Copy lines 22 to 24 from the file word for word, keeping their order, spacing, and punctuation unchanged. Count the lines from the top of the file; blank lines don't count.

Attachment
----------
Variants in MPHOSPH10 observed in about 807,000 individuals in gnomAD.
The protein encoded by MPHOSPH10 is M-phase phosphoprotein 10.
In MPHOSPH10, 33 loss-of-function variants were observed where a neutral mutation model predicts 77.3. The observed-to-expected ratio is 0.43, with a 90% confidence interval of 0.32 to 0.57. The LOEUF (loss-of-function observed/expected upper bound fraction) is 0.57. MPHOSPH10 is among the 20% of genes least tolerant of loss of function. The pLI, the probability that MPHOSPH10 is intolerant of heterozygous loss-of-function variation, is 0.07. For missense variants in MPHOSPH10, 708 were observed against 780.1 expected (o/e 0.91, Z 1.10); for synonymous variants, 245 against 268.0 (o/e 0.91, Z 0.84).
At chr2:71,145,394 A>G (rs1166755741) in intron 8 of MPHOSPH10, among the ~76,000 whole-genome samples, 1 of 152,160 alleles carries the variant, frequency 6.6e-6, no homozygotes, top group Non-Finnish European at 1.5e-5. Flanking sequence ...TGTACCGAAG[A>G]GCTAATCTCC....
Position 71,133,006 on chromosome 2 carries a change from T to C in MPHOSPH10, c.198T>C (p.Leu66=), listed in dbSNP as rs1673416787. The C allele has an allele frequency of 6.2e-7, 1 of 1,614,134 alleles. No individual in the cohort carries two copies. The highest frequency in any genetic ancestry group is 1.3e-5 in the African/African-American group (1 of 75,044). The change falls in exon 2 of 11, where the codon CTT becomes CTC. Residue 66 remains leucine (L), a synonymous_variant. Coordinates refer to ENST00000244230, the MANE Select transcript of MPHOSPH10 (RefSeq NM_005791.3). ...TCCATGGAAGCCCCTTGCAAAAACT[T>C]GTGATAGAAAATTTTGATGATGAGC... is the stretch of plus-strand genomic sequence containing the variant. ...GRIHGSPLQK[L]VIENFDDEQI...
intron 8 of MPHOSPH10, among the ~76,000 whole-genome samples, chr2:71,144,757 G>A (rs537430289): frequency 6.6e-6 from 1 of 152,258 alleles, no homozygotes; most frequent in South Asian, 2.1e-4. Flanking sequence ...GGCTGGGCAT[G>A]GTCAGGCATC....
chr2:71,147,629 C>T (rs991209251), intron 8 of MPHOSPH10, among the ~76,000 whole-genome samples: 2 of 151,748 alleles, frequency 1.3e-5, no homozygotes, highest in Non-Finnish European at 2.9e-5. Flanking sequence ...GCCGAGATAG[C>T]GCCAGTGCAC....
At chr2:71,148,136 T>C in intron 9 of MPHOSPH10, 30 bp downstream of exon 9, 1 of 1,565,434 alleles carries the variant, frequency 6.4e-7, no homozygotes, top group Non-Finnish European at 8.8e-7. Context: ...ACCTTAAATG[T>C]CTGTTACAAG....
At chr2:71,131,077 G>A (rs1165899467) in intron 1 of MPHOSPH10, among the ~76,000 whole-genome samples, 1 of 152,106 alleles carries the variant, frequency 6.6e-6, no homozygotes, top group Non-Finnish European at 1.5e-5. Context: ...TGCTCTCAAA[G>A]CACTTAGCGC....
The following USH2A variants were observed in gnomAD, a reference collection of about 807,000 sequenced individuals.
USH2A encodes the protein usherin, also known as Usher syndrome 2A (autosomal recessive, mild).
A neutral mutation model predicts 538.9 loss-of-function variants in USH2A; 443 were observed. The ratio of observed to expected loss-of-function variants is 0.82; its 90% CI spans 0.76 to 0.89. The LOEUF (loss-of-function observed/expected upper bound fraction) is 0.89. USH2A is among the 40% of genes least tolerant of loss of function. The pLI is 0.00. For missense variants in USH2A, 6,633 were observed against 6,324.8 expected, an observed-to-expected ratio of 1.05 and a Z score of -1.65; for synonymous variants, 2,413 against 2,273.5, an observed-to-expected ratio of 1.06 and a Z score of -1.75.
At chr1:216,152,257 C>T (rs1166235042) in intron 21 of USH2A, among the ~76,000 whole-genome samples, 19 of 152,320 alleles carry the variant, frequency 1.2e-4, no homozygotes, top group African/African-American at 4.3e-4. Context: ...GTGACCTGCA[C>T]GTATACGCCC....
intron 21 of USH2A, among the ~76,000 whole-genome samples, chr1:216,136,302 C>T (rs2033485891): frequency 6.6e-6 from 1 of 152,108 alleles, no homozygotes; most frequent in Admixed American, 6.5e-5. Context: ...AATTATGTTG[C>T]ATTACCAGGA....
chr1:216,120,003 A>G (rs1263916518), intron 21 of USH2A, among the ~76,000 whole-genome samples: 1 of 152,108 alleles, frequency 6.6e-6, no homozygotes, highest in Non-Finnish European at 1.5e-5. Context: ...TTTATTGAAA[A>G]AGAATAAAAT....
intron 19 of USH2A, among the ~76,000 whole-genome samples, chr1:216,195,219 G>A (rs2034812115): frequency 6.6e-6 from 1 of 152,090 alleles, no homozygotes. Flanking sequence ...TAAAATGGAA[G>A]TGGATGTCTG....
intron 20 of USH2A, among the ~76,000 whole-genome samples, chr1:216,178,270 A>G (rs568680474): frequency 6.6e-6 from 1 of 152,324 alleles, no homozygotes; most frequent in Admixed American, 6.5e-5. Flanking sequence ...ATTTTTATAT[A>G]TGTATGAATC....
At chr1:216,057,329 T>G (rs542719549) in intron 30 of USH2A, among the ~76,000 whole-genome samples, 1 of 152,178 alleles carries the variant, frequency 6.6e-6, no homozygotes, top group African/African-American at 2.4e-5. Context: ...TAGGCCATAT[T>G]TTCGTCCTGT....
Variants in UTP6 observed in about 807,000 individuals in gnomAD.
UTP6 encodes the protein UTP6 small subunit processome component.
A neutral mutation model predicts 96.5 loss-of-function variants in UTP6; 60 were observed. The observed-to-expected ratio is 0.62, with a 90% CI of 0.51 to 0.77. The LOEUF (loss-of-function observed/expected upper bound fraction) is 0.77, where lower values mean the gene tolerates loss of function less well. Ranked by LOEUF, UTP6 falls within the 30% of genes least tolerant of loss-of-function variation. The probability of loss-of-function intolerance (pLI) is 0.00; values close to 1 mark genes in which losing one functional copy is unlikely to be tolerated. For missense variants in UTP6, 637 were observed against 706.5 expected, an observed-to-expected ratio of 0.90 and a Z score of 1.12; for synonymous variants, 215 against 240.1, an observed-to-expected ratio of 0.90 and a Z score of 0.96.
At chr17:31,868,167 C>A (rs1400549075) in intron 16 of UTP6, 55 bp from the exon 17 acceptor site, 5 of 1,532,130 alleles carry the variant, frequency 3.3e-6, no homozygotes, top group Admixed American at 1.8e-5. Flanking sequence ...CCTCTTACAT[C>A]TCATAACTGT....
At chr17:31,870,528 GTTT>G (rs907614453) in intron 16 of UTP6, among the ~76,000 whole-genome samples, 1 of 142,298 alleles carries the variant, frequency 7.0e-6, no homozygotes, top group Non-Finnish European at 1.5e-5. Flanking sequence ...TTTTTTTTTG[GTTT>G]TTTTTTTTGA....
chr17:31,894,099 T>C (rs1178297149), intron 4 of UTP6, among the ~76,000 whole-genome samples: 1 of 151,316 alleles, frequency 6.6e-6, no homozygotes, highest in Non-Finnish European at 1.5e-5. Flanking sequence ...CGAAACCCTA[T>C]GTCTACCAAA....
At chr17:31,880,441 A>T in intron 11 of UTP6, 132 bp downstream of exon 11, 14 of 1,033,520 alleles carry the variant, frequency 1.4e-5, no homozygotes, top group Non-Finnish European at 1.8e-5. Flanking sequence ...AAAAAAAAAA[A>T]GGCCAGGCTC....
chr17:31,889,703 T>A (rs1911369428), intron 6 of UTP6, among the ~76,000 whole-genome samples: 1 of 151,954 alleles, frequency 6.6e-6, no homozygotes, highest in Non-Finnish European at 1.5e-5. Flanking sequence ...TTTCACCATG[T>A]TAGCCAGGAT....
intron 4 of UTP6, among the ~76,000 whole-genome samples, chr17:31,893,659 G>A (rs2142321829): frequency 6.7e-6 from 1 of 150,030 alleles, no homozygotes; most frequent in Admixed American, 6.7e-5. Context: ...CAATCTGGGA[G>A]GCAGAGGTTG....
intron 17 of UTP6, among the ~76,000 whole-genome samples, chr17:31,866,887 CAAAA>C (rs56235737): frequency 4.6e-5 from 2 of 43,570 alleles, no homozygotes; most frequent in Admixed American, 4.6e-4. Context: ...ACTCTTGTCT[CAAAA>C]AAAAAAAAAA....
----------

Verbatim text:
At chr17:31,868,167 C>A (rs1400549075) in intron 16 of UTP6, 55 bp from the exon 17 acceptor site, 5 of 1,532,130 alleles carry the variant, frequency 3.3e-6, no homozygotes, top group Admixed American at 1.8e-5. Flanking sequence ...CCTCTTACAT[C>A]TCATAACTGT....
At chr17:31,870,528 GTTT>G (rs907614453) in intron 16 of UTP6, among the ~76,000 whole-genome samples, 1 of 142,298 alleles carries the variant, frequency 7.0e-6, no homozygotes, top group Non-Finnish European at 1.5e-5. Flanking sequence ...TTTTTTTTTG[GTTT>G]TTTTTTTTGA....
chr17:31,894,099 T>C (rs1178297149), intron 4 of UTP6, among the ~76,000 whole-genome samples: 1 of 151,316 alleles, frequency 6.6e-6, no homozygotes, highest in Non-Finnish European at 1.5e-5. Flanking sequence ...CGAAACCCTA[T>C]GTCTACCAAA....